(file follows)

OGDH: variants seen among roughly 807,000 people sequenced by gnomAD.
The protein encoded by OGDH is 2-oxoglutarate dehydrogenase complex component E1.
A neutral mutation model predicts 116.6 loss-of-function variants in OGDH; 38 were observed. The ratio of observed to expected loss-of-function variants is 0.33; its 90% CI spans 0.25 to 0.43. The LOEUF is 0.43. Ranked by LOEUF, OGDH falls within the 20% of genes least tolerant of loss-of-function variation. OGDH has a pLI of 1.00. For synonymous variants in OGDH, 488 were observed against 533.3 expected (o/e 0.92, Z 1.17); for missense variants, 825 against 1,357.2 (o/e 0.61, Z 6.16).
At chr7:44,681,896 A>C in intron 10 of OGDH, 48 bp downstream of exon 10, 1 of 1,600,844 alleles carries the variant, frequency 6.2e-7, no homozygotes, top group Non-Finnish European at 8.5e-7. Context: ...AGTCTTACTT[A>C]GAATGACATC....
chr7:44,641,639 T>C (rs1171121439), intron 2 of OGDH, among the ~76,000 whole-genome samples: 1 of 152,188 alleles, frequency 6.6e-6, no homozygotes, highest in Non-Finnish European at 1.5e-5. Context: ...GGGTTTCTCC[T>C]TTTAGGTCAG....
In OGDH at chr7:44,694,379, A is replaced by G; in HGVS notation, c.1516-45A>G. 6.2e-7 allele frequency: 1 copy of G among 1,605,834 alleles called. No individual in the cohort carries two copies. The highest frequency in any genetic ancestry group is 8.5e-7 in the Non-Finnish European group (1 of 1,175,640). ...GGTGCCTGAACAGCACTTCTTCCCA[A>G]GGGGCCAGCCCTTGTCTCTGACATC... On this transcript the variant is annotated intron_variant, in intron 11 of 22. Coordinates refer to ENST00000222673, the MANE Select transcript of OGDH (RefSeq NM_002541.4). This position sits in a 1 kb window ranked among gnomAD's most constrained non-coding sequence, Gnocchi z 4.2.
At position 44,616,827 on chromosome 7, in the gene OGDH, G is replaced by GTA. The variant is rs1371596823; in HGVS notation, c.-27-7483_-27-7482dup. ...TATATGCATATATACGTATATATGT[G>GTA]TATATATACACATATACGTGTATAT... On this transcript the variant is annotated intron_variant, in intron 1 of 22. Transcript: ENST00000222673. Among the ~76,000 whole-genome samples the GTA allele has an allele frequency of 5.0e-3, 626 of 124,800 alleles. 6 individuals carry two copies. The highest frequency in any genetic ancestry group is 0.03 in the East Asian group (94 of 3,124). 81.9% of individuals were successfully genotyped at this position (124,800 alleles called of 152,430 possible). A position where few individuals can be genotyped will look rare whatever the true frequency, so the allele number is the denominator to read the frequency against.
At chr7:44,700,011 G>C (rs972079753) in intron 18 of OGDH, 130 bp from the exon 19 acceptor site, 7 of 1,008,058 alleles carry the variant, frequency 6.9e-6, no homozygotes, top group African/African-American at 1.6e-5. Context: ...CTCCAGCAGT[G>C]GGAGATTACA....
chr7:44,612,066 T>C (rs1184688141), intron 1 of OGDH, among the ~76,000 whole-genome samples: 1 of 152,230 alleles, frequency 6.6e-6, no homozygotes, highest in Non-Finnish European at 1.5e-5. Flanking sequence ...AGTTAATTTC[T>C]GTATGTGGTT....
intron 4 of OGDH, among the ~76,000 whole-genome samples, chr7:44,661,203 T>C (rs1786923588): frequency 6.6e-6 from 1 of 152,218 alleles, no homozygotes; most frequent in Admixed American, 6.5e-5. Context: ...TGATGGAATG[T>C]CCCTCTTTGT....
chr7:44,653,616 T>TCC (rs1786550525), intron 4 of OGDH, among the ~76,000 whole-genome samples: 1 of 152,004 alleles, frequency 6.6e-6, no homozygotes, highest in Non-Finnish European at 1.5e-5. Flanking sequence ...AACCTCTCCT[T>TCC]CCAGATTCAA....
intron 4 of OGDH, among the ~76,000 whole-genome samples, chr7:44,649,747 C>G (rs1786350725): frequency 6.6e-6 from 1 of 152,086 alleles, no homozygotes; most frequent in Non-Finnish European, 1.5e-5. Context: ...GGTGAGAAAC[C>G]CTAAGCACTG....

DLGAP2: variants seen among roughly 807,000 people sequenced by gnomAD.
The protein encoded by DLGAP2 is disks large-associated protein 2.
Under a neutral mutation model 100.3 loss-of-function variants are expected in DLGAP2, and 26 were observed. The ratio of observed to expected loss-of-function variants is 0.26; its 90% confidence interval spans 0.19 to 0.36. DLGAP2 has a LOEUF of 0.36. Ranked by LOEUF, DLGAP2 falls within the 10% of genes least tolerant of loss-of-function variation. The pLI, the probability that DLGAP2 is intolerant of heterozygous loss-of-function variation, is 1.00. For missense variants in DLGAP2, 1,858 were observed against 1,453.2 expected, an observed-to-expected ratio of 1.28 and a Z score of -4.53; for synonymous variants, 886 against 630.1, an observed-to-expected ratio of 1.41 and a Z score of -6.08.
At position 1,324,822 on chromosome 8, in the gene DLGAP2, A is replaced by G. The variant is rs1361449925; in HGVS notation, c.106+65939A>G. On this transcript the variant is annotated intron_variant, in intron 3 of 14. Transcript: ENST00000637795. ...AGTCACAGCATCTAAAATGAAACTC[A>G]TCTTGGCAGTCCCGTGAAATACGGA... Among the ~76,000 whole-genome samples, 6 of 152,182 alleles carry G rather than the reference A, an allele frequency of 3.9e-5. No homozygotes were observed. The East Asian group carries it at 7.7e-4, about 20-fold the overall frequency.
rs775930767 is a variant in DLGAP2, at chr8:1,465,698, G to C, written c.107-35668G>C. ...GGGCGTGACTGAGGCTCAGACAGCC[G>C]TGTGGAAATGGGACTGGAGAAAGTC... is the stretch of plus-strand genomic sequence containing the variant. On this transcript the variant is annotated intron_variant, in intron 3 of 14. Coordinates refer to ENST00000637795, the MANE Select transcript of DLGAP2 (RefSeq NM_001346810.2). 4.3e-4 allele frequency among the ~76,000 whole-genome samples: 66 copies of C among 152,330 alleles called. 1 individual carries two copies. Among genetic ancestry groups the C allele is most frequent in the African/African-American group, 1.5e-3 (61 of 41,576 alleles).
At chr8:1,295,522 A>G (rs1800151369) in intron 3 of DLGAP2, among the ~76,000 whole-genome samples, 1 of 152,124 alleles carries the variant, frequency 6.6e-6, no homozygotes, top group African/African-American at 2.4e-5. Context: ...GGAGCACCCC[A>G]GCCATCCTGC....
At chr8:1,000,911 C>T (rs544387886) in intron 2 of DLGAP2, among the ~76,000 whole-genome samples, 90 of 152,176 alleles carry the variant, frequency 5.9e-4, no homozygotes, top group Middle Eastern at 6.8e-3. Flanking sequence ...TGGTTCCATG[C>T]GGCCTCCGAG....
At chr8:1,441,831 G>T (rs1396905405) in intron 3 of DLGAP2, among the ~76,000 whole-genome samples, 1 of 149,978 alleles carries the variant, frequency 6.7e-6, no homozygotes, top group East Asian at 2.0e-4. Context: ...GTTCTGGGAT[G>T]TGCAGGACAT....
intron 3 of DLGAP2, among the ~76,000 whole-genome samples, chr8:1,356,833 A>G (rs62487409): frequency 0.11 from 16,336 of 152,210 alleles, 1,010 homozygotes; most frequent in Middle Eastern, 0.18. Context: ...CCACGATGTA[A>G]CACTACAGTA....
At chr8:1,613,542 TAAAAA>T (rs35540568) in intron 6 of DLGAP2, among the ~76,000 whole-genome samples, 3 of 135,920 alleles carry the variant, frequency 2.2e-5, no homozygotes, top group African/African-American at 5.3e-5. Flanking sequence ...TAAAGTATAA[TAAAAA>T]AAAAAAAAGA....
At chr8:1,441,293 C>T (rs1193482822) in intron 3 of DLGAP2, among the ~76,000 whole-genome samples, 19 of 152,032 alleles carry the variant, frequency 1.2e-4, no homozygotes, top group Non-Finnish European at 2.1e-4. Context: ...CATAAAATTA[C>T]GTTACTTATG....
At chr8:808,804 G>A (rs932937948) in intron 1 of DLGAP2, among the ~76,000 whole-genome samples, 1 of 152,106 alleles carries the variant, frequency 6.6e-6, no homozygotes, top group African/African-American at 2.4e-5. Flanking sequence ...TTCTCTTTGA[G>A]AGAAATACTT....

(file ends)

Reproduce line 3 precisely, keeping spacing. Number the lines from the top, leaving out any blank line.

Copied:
A neutral mutation model predicts 116.6 loss-of-function variants in OGDH; 38 were observed. The ratio of observed to expected loss-of-function variants is 0.33; its 90% CI spans 0.25 to 0.43. The LOEUF is 0.43. Ranked by LOEUF, OGDH falls within the 20% of genes least tolerant of loss-of-function variation. OGDH has a pLI of 1.00. For synonymous variants in OGDH, 488 were observed against 533.3 expected (o/e 0.92, Z 1.17); for missense variants, 825 against 1,357.2 (o/e 0.61, Z 6.16).